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How to develop people into leaders

31 July 2015
How to develop people into leaders

The need for 'leaders at all levels' is one of the critical issues facing businesses in 2015, according to Deloitte's Global Human Capital Trends report. Businesses need to invest in building leadership capability at every level - and this includes those people who don't aspire to become leaders.

People 1st has found that by 2022 the hospitality industry will need an additional 66,000 managers, so with that in mind, businesses need to consider what they need to do to ensure that people are able to develop leadership traits and are ready for those roles.

Hospitality businesses in particular employ a large number of young managers. Some 21% of the hospitality and tourism workforce is below 30 years of age, and 55% of those who are managers are new to the role.

This demonstrates that the industry has great opportunities for progression, but it is crucial that new managers have access to development opportunities to gain experience, the right attitudes, skills and knowledge, and these opportunities must be available from the first day an employee joins your company.

Jo Harley is managing director at Purple Cubed

Three ways to kick-start leadership development

Define your leadership principles
These are the leadership traits that you need your people at every level to develop. Even if they don't necessarily have the desire to become a leader, having these traits will mean that like-minded people are working together and reducing conflict. Key traits are:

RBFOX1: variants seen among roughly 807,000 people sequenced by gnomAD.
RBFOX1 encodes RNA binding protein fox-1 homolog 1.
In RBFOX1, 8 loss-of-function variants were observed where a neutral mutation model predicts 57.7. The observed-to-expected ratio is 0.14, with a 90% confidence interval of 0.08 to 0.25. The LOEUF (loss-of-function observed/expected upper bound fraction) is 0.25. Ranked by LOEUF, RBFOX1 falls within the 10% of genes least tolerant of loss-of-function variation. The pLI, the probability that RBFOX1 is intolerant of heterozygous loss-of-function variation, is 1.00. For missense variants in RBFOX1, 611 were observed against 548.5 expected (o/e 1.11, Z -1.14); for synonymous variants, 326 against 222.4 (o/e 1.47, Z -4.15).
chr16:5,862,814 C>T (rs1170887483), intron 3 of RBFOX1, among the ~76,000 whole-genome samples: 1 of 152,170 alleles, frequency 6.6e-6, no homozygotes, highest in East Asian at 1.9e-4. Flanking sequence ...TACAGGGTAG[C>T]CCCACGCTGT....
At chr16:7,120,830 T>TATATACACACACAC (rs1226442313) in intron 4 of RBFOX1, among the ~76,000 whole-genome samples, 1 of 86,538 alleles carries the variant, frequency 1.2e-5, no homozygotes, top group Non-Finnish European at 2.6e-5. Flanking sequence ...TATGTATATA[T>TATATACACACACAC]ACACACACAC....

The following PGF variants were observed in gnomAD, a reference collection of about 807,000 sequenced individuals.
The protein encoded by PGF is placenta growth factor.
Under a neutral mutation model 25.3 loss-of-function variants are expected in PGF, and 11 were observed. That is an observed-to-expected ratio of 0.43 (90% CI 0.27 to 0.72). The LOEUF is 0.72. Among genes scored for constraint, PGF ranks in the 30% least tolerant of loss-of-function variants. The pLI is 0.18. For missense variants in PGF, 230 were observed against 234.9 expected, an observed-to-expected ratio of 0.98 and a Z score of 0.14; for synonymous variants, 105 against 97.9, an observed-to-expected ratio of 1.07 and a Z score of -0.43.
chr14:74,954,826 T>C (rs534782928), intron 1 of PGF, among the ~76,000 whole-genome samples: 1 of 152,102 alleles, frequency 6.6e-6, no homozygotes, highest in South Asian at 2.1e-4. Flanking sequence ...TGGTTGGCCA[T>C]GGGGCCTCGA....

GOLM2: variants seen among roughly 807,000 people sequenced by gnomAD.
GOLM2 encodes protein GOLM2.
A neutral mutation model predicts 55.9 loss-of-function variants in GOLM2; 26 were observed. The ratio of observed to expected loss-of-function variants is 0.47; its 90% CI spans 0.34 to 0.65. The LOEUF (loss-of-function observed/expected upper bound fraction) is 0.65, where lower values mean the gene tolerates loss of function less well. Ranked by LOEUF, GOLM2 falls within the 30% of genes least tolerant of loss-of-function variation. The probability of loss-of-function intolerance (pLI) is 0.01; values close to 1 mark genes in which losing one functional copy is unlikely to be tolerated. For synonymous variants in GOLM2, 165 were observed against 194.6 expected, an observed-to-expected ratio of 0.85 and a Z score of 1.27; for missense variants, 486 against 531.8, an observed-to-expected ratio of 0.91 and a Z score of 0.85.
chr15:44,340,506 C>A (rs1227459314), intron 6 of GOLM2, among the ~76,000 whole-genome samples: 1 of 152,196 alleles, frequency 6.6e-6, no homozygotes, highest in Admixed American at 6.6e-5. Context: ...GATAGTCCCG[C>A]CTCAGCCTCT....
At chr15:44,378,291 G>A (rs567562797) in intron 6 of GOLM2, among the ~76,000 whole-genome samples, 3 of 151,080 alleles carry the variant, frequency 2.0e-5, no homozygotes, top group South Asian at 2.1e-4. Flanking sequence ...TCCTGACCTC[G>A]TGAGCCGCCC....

Vision - the ability to look forward in an enlightened and open-minded way; to be tactical yet pragmatic.
Courage - to have the courage of your convictions and the bravery to make tough decisions.
Action-centred - the ability to 'make it happen'; to bring things to a conclusion and leave no loose ends.
Communication - to be confident and articulate and simplify complex matters.
Understand the numbers - to be finance-savvy and able to grasp key metrics.
Positivity - to handle bad news in a way that makes people feel as though they are in safe hands. To spot opportunities and take them.
Hard empathy - the ability to make people feel important and valued. To know exactly where they fit and what is required.

Decide which traits are most important for your organisation and work on one or two at a time. This will not be a quick fix, but some effective learning methods include shadowing, mentoring and collaborative learning resources.

Developing the leaders of the future
Employees need access to 'just in time' learning when it is required, rather than spend hours in standard training. That said, if you do create a specific learning programme, it's important to ensure the approach is business-focused so people are working to solve real issues and adding value as they go.

Of course, in hospitality, on-the-job learning or shadowing works particularly effectively, so it's therefore important that senior and middle managers lead by example, displaying the leadership traits that become part of the DNA of a business. These leadership traits should also be added to performance reviews. It is worth establishing how the behaviours will be delivered and to work out how you will know this is happening consistently.

Invest in a mentoring scheme
Encourage employees to find a mentor; someone who is an inspirational leader who can share knowledge and skills relevant to them. This could take the form of one-to-one mentoring or even in a group environment.

This will not only benefit individuals, but also the organisation as a whole. A report from the Department for Business Innovation and Skills has shown that mentoring can result in a 23% increase in organisational performance.

Online tools such as Purple Cubed's Talent Toolbox can be used to ensure mentors are properly equipped, to effectively pair up mentees and mentors, and to measure the success of mentoring schemes to ensure a greater return on investment.

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